RDM: Hello, and welcome to the podcast for episode 11 of the 4th season, "The Hub". I'm Ronald D. Moore, executive producer and developer of the new Battlestar Galactica and I'm here in the editing bay with a roomful of people as we discuss "The Hub". I'm joined by the writer of the episode...
Jane Espenson: Hi, that's me. Jane Espenson, co-executive producer.
RDM: ...and the editor...
Michael O'Halloran: Hi, Michael O'Halloran
RDM: ...and the supervising editor
Andy Seklir: Andy Seklir
RDM: And we are all here because my podcasting technical expertise has failed us once again and now we are just going to do this right so everybody can hear. There's no Scotch, unfortunately, it's too early in the morning; there is just Diet Coke, and of course the smoking lamp is closed.
RDM: This one was one of the episodes that was talked about early on in the writers' reteat as part of the first batch of episodes of the lead-in to the midseason finale. It's, I recall, the initial notion centered around just putting Laura and Baltar in some isolated situation where Baltar was dying or was severely wounded, and Laura held his life literally in her hands; and during that story she would learn the secret of what had happened during the original attack on the Colonies, that he was actually a participant in it; and yet somehow through the course of the story she would actually forgive him and save him. And that was kind of... -- let's start from that as a premise to sort of turn the characters and just sort of progress the storyline. What else do you recall?
JE: I actually remember the earliest original idea for this -- you had said you wanted this sort of dark journey for her where she'd sort of be pulled over and pulled under and metaphorically repeatedly pulled underwater. And we'd originally talked about this idea that you would intercut between scenes of her dying, injured, in Baltar's arms and Baltar dying, injured, in her arms; and you'd go back and forth between the two and you don't reveal which one of those is actually happening until late in the episode. That one of them is the fevered dream of the person who's dying.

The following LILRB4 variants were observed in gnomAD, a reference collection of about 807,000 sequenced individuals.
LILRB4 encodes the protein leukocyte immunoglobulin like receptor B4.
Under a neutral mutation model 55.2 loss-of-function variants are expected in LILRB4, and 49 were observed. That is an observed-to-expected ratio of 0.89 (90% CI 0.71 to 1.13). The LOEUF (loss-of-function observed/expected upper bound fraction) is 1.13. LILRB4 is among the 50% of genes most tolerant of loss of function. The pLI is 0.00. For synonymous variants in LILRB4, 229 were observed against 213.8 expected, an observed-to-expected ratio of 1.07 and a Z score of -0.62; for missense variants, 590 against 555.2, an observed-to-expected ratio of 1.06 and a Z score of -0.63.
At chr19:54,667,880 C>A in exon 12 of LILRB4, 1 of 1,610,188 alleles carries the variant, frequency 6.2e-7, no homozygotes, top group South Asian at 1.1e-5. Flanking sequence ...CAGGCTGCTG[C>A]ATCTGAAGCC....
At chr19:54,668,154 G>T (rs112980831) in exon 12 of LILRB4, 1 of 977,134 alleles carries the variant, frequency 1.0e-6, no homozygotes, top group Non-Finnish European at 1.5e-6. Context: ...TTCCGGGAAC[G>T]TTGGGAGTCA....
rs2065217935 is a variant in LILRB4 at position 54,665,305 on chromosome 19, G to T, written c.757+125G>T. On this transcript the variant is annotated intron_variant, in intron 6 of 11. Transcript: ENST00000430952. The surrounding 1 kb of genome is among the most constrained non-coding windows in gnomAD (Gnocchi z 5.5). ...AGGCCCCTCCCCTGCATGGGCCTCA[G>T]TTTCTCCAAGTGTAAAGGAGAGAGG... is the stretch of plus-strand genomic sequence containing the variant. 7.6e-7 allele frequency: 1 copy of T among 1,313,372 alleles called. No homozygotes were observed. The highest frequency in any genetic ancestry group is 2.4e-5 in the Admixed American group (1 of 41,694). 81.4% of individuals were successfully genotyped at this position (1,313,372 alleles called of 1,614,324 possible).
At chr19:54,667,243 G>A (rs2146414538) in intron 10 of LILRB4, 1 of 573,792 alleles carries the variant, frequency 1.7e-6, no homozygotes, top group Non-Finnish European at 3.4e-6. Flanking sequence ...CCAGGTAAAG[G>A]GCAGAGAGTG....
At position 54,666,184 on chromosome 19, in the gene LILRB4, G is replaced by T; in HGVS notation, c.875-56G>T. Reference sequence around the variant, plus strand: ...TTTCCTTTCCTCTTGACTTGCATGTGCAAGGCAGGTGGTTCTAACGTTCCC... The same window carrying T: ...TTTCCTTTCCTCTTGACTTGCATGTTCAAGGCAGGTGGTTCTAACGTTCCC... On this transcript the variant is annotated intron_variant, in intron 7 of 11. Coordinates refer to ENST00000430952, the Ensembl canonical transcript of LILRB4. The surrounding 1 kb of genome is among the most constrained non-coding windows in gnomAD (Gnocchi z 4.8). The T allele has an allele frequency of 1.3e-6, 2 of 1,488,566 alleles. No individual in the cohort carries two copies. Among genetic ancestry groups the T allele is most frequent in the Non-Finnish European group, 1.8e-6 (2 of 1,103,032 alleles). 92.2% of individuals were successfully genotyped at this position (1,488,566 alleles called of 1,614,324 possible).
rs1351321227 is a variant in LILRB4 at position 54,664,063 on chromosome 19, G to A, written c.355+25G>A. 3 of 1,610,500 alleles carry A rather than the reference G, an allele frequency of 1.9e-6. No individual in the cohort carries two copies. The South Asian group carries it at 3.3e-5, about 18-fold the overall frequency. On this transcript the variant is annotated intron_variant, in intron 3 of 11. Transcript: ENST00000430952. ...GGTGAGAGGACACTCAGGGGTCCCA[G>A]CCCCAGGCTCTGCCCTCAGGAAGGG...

RDM: Oh, I vaguely remember that.
JE: Yeah, and that was the original idea. And then that was just too complicated to sustain, and so we went with -- pick one of them. And this was the first approximation of the structure that emerged.
RDM: And what was the variant of the simplest storyline that you can remember back at the beginning? Did we already have the rebel baseship as already established by the time we started talking about this?
JE: Yes, I think so... I actually think that this was developed quite quickly -- in the course of breaking the episodes. So I think we already knew that by the time we were talking about going into this.
RDM: I remember in the initial stages we came up with this fractured story structure that's actually more fractured than the story this episode now. The way it was originally broken and scripted was -- well it started at the end, right?
JE: Yeah -- the end of the teaser was her ripping the bandage off Baltar. And it was sort of, "well, how did we get here?" And then all of her flashbacks involving Elosha were taking place during that time that Baltar was lying there and bleeding out. They weren't a result of the jumping. And I think this restructuring is really smart -- to tie it into the jumping.
RDM: It was a really great -- I remember really liking the draft. When the first draft came in it was one of my favorite reads for a while because there was a real interesting flow... starting at the end, and going into different fantasies and Laura... you were so -- it kept you off balance and you were trying to figure out what was really going on and what was real and what wasn't real; and you saw Laura dying in sick bay, and you saw Helo and Sharon running through corridors,and there was a battle, and there was this Baltar thing... And I really enjoyed it. I really remember responding strongly to the script and then getting the note from the studio and the network, "Well, this runs the risk of being a bit confusing, don't you think?" To which I responded "No, what are you talking about? It'll be fine! Trust us, we know what the hell we're doing." And then we didn't do too much rewriting. Were there a lot of changes between the first draft and the second draft? Or subsequent drafts?
JE: No... Once we got up to Vancouver and we were in production meetings and everyone was sweating over a particular sequence that I had in there... once we removed that -- just lifted it wholesale out of there -- yeah, it pretty much stayed. Until, I guess, it was cut together, which -- I never saw it cut together in the non-linear form.
RDM: Oh, really? You never saw the...
RDM: ..director's cut?
One of the editors: It was about twenty minutes over, the full director's cut.
RDM: Yeah, it was twenty minutes long.
RDM: There's the end of the tease.